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George Clerk, Jason Schaub, David Hancock and Colin Martin
The purpose of this paper is to present the findings of a study considering the application of the Mental Capacity Act and Deprivation of Liberty Safeguards (DoLS)…
The purpose of this paper is to present the findings of a study considering the application of the Mental Capacity Act and Deprivation of Liberty Safeguards (DoLS). Practitioners from a range of professions were recruited to provide their views of how to respond to a variety of scenarios. GPs, nurses, social workers, physio/occupational therapists and care assistants were recruited to participate.
This study used the Delphi method to elicit participant views and generate consensus of opinion. The Delphi method recommends a large sample for heterogeneous groups, and round one had 98 participants from six different professional groups.
Participants did not respond consistently to the scenarios, but disagreed most significantly when patient decisions conflicted with clinical advice, and when to conduct a capacity assessment. These responses suggest that clinical responses vary significantly between individuals (even within settings or professions), and that the application of Mental Capacity Act (MCA) is complicated and nuanced, requiring time for reflection to avoid paternalistic clinical interventions.
Previous studies have not used a Delphi method to consider the application of MCA/DoLS. Because of this methods focus on developing consensus, it is uniquely suited to considering this practice issue. As a result, these findings present more developed understanding of the complexity and challenges for practitioner responses to some relatively common clinical scenarios, suggesting the need for greater clarity for practitioners.
Gillian Peiser, John Ambrose, Beverley Burke and Jackie Davenport
Against a British policy backdrop, which places an ever- increasing emphasis on workplace learning in pre-service professional programmes, the purpose of this paper is to…
Against a British policy backdrop, which places an ever- increasing emphasis on workplace learning in pre-service professional programmes, the purpose of this paper is to investigate the contribution of the mentor to professional knowledge development in nursing, paramedicine, social work and teaching.
Taking the form of a literature review, it explores the influence of policy, professional and theoretical conceptualisations of the mentor role, and structural factors influencing the mentor’s contribution to professional knowledge.
Where there are clearly delineated policy obligations for the mentor to “teach”, mentors are more likely to make connections between theoretical and practical knowledge. When this responsibility is absent or informal, they are inclined to attend to the development of contextual knowledge with a consequent disconnect between theory and practice. In all four professions, mentors face significant challenges, especially with regard to the conflict between supporting and assessor roles, and the need to attend to heavy contractual workloads, performance targets and mentoring roles in tandem.
The authors argue first for the need for more attention to the pedagogy of mentoring, and second for structural changes to workload allocations, career progression and mentoring education. In order to develop more coherent and interconnected professional knowledge between different domains, and the reconciliation of different perspectives, it would be useful to underpin mentoring pedagogy with Bhabba’s notion of “third space”.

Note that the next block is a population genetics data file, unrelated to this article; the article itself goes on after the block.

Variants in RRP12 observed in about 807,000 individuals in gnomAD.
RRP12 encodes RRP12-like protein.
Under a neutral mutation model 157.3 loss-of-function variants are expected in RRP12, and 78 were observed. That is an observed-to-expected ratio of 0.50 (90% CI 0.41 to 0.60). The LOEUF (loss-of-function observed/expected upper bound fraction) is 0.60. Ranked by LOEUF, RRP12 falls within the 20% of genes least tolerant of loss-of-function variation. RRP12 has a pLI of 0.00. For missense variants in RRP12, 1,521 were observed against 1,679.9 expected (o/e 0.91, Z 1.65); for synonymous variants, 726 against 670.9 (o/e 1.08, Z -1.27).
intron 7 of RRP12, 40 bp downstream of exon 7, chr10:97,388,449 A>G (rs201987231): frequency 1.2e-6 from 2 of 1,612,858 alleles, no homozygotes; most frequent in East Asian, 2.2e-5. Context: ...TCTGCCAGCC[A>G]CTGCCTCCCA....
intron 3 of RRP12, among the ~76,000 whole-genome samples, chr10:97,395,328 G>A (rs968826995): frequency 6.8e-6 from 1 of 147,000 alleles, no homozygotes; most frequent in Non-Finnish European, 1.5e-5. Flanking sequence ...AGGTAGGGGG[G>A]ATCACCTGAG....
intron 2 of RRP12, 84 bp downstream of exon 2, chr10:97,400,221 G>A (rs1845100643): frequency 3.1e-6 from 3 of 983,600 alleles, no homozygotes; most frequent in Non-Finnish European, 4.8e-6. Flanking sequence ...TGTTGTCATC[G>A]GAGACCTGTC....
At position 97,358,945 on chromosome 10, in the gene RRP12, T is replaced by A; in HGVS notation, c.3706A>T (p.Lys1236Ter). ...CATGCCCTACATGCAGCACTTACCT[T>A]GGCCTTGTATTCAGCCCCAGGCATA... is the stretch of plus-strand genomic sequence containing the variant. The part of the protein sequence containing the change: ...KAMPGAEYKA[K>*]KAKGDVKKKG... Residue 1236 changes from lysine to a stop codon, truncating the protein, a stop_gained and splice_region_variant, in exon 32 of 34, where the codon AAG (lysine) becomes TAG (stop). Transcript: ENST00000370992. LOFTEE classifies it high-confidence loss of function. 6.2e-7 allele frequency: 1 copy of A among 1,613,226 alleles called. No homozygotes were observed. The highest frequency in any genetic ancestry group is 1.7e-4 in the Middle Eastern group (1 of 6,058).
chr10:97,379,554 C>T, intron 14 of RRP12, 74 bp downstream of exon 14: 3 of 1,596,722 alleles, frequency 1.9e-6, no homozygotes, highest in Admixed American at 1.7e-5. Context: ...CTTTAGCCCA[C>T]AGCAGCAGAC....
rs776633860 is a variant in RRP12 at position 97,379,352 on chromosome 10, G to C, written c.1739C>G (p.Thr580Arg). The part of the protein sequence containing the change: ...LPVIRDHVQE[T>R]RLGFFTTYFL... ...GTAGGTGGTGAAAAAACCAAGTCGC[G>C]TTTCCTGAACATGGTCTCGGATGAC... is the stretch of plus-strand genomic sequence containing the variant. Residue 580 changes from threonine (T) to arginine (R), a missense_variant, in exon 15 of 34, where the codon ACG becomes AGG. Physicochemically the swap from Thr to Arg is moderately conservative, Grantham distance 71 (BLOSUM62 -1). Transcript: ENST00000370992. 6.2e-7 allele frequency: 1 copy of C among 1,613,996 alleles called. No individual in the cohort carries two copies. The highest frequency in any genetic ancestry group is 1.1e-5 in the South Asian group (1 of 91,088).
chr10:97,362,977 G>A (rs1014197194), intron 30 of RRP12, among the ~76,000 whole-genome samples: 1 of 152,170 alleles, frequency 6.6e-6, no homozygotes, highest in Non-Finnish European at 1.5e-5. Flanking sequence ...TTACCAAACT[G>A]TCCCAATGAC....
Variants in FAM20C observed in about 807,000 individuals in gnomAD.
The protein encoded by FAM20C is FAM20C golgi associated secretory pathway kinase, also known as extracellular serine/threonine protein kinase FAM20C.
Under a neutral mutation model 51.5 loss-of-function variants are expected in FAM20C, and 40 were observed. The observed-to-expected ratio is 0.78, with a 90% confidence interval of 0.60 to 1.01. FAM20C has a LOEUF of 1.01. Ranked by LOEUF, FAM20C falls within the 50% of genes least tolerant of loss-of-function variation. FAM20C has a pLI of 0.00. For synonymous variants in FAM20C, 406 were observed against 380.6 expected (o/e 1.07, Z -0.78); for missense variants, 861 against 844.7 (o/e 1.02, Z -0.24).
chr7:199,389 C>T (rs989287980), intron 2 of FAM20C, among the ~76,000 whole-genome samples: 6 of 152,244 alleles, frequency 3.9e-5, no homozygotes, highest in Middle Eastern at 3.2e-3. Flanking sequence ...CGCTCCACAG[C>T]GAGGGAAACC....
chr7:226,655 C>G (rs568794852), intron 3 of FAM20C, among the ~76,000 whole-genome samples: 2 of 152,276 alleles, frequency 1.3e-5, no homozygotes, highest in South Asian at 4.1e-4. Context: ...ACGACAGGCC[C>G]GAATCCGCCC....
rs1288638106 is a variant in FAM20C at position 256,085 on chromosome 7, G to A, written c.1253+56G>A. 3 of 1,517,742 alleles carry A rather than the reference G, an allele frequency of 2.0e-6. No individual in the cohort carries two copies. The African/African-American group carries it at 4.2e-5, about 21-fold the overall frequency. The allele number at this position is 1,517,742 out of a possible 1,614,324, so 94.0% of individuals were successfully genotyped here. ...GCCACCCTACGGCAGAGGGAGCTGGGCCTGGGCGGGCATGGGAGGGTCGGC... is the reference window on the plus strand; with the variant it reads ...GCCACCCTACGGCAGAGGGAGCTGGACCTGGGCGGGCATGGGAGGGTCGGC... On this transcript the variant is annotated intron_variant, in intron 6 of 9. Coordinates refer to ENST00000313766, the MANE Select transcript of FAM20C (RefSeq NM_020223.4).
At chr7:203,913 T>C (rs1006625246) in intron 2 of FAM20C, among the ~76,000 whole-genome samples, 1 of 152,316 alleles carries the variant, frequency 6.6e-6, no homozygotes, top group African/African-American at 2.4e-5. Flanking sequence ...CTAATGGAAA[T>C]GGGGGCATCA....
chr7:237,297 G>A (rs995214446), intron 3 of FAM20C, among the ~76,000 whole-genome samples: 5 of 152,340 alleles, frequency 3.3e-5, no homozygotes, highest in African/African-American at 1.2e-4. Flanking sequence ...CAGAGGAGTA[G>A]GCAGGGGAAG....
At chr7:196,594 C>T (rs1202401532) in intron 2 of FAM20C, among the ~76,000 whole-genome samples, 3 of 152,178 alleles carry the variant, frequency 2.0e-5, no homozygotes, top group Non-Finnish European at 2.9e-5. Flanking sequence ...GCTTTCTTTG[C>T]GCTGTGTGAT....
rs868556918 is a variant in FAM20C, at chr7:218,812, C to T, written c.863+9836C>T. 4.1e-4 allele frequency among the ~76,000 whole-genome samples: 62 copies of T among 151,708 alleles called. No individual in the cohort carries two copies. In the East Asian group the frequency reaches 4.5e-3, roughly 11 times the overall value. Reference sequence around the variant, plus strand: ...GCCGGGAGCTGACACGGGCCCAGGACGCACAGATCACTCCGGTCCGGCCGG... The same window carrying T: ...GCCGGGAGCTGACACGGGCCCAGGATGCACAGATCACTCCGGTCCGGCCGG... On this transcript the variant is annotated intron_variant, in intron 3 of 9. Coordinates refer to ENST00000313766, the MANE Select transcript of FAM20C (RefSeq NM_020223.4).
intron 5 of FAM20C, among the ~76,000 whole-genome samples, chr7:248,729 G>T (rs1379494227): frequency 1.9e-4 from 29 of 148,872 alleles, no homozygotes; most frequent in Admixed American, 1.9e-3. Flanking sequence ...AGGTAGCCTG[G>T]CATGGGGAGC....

The paper makes a contribution to the field since it considers new obligations incumbent on mentors to assist mentees in reconciling theoretical and practical knowledge by the consequence of policy and also takes a multi-professional perspective.
Darshak A. Desai and Aurangzeb Javed Ahmed Shaikh
This paper, a case study, aims to illustrate the application of Six Sigma in a small-scale ceramic manufacturing industry. The purpose of this paper is to demonstrate the…
This paper, a case study, aims to illustrate the application of Six Sigma in a small-scale ceramic manufacturing industry. The purpose of this paper is to demonstrate the empirical application of DMAIC methodology to reduce failure rate at high voltage (HV) testing of one of the most critical products, insulator.
The case study is based on primary data collected from a real-life situation prevailing in the industry. The case study methodology adopted here is at one small-scale unit wherein the authors have applied DMAIC methodology and observed and recorded the improvement results, especially, reduction in failure rate at HV testing of insulator and, thus, increase in Sigma level.
The results found after implementation of the solutions are very significant. The rejection percentage has been reduced from 0.5 to 0.1 percent and consequently the Sigma level has been improved from 4.4 to 5.0.
This success story can be a guiding roadmap for other such industries to successfully implement Six Sigma to improve quality, productivity and profitability.
This case study will serve as one of the resource bases for the industries which have till not implemented Six Sigma and benefited from the same.
Improved quality and productivity leads to better economy. This case will help industries to serve the society with better economy with improved quality and productivity.
Though ceramic industries in India are having enormous potential for growth, majority of them, especially, small and medium industries are either not aware of or not implementing Six Sigma to reap its multidimensional benefits of improving quality, productivity and profitability. This study highlights the benefits reaped by small-scale ceramic manufacturing industry opening up the avenues for its application at other such organizations.